Not long ago I wrote a column about a National Bureau of Economic Research study that blamed the Great Recession on a bank panic rather than that usual suspect -- the subprime mortgage crisis. There was a subprime crisis, sure, but it was just the catalyst for the much more damaging bank panic. All this relates back to a little-noticed structural change in the U. S. banking system where Reagan-era deregulation led to the growth of money market funds that killed the savings deposits that had traditionally backed most bank lending. Rising to replace savings (and make a lot more profit) was loan securitization and REPO collateralized inter-bank lending. The Great Recession was caused by the banks all losing faith in each other, with commercial lending grinding to a halt as it continues to be in many places even today. Heck of a story, eh? Now that I had a better understanding of the actual crisis, I immediately came up with two questions: 1) Why didn’t we see this coming? and; 2) How do we avoid it happening again?Notice how this traces back to the rise of the Right under Ronald Reagan. And notice how it points to the sleazy "hide the problem" approach of George Bush in 2006. And notice how the current Chairman of the Federal Reserve was willing to "play along" with the deception in order to get the top job. This is terrible. This needs to be fixed. Bank Regulation needs to go back to the fixes under FDR. The buying of politicians and lobbying by Wall Street has to stop.
Lets take the answers to these two questions in reverse order:
How do we avoid it happening again? We don’t. Government doesn’t have the tools to do so, which it hates to admit. At best, the efforts of Paulson, Bernanke, and Geithner reduced the severity of the crisis and helped the economy get back to something closer to equilibrium. In practice, not even the Fed has enough financial clout to fix a $20 trillion problem. They pretended they did, and continue to pretend so, but the truth is that all the balance sheet expansion and stimulus spending was a bandage just intended to reduce panic in the markets until they could regain natural equilibrium. And none of the reform proposals being floated in Congress do much to change this in the future. So if Geithner and Bernanke look like dopes because their efforts haven’t handily solved the problem, returning us to positive economic growth, it isn’t really their fault. Nobody else could do it, either, with the tools they have available. And that’s the rub, because to admit so is to embrace anarchy, which is not part of the platform of either party.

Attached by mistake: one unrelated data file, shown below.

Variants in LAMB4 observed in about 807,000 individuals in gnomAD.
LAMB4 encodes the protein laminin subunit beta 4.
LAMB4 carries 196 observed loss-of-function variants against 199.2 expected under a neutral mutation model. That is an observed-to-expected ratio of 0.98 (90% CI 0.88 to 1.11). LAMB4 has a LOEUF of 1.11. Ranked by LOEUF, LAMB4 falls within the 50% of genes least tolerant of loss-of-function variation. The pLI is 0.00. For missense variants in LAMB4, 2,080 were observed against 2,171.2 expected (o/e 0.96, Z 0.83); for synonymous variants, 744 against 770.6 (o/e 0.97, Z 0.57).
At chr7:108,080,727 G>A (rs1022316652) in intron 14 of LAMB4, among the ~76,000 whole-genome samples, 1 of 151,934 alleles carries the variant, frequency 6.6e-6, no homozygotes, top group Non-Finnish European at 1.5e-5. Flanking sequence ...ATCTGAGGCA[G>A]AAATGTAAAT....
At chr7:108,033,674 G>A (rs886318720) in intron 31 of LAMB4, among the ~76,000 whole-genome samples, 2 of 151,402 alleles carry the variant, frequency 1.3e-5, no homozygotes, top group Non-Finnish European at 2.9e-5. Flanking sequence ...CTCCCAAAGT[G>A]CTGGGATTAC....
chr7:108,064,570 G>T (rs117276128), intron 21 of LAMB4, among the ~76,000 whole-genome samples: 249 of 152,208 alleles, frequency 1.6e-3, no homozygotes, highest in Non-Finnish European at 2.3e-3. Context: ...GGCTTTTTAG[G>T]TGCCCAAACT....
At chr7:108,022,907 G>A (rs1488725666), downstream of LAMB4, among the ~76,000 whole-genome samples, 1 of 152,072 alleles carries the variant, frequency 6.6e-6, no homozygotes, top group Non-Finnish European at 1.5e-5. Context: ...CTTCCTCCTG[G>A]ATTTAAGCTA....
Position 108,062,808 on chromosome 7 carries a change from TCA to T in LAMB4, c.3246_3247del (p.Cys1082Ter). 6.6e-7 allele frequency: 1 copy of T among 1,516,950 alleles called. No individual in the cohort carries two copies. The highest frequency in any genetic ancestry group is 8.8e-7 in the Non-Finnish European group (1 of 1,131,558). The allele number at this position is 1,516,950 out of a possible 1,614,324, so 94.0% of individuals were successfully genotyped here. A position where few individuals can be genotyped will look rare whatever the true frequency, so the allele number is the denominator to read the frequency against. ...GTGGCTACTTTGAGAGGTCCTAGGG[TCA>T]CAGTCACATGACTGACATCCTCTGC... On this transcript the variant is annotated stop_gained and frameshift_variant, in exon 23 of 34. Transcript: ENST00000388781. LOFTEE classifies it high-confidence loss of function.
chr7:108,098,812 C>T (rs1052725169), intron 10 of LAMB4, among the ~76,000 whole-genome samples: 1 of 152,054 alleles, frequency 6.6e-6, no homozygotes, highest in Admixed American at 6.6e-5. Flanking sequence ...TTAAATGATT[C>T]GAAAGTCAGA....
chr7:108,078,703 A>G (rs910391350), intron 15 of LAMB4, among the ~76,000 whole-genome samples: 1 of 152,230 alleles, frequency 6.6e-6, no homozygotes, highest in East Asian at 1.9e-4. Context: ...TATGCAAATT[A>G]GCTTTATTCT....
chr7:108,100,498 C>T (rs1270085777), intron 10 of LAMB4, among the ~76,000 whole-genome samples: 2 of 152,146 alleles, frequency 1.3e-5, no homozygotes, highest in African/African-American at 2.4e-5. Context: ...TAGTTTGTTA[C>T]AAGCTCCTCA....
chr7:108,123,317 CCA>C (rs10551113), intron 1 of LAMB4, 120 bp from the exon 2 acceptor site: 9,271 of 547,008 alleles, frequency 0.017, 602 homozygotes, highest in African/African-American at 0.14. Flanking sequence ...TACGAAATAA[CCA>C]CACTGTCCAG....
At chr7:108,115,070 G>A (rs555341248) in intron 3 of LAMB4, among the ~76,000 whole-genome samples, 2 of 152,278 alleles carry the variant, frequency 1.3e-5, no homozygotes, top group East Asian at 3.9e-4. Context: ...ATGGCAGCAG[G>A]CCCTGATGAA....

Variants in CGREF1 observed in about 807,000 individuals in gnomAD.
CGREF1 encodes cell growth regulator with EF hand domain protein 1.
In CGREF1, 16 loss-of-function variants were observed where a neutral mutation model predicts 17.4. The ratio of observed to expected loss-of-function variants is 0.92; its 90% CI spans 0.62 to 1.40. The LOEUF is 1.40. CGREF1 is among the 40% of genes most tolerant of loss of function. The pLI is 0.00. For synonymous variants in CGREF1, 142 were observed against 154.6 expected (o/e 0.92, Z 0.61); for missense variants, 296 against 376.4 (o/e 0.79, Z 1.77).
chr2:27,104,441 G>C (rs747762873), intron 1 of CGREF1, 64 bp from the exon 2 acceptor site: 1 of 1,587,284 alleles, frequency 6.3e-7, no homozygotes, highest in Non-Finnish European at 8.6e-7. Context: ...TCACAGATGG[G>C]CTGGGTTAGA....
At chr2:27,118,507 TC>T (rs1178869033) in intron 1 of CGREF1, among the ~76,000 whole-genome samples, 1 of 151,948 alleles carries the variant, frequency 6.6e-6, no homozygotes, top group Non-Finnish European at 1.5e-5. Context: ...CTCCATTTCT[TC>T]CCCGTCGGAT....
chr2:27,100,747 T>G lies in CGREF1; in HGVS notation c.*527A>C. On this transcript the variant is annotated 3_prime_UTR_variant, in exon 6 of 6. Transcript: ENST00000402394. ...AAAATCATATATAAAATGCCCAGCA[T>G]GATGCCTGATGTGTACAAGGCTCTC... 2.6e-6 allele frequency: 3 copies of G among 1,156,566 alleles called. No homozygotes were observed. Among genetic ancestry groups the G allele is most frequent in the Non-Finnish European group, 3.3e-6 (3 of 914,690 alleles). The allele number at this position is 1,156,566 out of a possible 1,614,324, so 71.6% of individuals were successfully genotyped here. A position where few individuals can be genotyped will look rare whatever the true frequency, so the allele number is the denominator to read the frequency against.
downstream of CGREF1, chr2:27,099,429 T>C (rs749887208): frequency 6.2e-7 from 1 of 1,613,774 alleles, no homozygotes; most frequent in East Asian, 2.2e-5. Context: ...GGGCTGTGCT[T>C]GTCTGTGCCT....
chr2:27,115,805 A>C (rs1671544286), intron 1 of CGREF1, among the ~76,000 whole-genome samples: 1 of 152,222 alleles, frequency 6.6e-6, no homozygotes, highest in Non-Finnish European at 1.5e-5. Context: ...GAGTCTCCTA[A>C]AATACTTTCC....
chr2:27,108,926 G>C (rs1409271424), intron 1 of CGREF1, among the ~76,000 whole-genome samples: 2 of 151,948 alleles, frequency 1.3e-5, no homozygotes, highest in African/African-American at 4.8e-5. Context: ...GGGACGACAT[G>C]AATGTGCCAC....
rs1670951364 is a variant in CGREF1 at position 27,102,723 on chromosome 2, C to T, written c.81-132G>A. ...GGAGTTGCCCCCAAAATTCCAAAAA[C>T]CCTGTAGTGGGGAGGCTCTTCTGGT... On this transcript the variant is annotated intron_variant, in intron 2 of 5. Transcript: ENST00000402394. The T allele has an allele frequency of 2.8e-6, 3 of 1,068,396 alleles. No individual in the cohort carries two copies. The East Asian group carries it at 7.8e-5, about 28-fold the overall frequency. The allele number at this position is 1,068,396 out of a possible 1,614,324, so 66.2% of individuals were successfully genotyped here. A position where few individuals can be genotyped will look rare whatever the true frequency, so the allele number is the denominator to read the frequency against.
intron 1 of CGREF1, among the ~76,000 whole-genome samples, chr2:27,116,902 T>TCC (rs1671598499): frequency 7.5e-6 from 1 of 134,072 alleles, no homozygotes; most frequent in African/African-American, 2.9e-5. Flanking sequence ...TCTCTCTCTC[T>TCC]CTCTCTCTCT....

Why didn’t we see it coming? We did, but then we deliberately shut our eyes. The REPO market had been growing strongly since 1990 -- growing at a rate high enough to cause concern for both markets and governments. We could see it growing in a number called M3, which was one of three measures of the total money supply, along with M1 and M2, which were released by the Fed in a report every quarter.
Notice I said WERE released -- past tense. M1 and M2 still are released every quarter, but M3 -- the only public measure of the REPO market available anywhere, stopped being published by the Fed on March 23, 2006, ostensibly to save money.
M3 was one of the oldest statistics released by the Federal Reserve, dating almost all the way back to the bank’s founding. It was the only financial index ever retired by the Fed. Yet killing M3 seems to have been important to the George W. Bush Administration -- so important it was used as a litmus test of the loyalty of Fed chairman nominee Ben Bernanke during his confirmation hearings in the Senate.
Bernanke supported the idea of dropping M3, saying it wasn’t very useful and getting rid of the index would save $1.5 million per year.
Aren’t we glad we saved all that money?
But M3 also would have shown us the asset bubble growth in 2007 and 2008 and could have predicted when that bubble would pop.
By dropping M3 the Bush Administration was deliberately blinding both itself and the markets -- poking out eyes apparently to keep the good times rolling for a few months longer. Only research will reveal the nuances of this decision, but it is research that should be done.
I can’t find an economist today who supported the death of M3, yet die it did as an apparent act of loyalty to Ronald Reagan, who set the REPO monster growing back in 1980 with bank deregulation.
Saturday, April 17, 2010
Here is Robert X. Cringely pointing his finger at the cause of the financial collapse. This is a bit from Cringely's post on the Adam Smith's Money World web site: